Autism and The Gut: Who Is The Real Culprit?
The first thing you think of when you hear the word “Autism” is a problem with someone’s head or more accurately, their brain. It doesn’t mean that is always the case though.
According to the World Health Organisation (WHO), the prevalence of Autism Spectrum Disorder among children is around 1 in 160. A worrying number.
When it comes to our brains, there is a fundamental and repetitive format as to how its cells connect and communicate with each other. The junction between one brain cell (also called a neuron) and the next one is called a synapse. This is where the magic happens. An electrical signal reaches the end of a neuron, leading to the release of molecules and that conveys a signal to the next neuron.
The neurons in the land down under
Away from the brain and down to business. An often overlooked part of the nervous system is the one in our guts. A neuroscience professor used to rant about this last semester talking about how many neuroscience textbooks ignore it. He says the issue is providing an extremely watered-down version and failing to address the complexity.
It’s obviously significant though, because guess what takes over digestion after food slips into the stomach? A complete nervous system contained within us. The Enteric Nervous System, mainly responsible for a series of finely-controlled motor activities that manipulate food.
The ENS contains neurons just like the brain does and they are arranged in specific ways to facilitate the previously mentioned movements. However, the principles remain the same.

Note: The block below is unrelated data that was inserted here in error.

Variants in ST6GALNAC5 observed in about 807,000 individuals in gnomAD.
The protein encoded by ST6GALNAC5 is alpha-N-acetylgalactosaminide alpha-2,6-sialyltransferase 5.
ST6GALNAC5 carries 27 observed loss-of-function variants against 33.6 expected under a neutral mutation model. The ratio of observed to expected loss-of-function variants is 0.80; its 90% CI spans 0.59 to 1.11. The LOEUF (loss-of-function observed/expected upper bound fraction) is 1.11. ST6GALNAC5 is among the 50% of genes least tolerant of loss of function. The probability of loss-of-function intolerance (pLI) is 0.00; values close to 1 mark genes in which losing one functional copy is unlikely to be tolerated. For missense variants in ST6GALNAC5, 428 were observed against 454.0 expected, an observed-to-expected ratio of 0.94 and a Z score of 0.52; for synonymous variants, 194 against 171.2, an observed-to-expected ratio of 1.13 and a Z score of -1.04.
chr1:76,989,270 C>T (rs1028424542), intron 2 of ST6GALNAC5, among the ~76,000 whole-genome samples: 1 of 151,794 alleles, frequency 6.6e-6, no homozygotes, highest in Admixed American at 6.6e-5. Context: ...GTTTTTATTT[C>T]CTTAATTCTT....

A quick rundown on those principles
Don’t forget about the molecules I told you about before, because the way they start a signal may be disrupted in conditions like Autism.
Such molecules are called Neurotransmitters. They work by binding to receptors on a neuron when released into the synapse. The brain can perform a range of actions through this process. For instance, certain neurotransmitters can bind to a receptor and increase the excitability of that neuron while others can have an opposite, inhibitory effect. All these receptors are there because they are bound to the cell surface by specific proteins.
Neuroligins are a group of proteins doing exactly that. A mutation in Neuroligin-3 has been linked to autistic-like behaviours in mice. At a molecular level, amino acids swap positions in the protein, changing its whole function.
Is Autism simply a result of our complex nature?
Not necessarily. It is absolutely mind-blowing as to how much we have in common with other species.
An “autistic” mouse doesn’t have proper social interactions with other mice and often engages in repetitive activities, just like children on the autism spectrum do. Interestingly, drugs used to reduce aggressive behaviour in some autistic children yield a similar result in mice.
It’s obvious we have tons of information at our fingertips, but what do we make of it? Does Autism start in the gut and travel up to the brain? Or is it the other way around? Current research is wading through such questions in hope for some closure for all of us out there.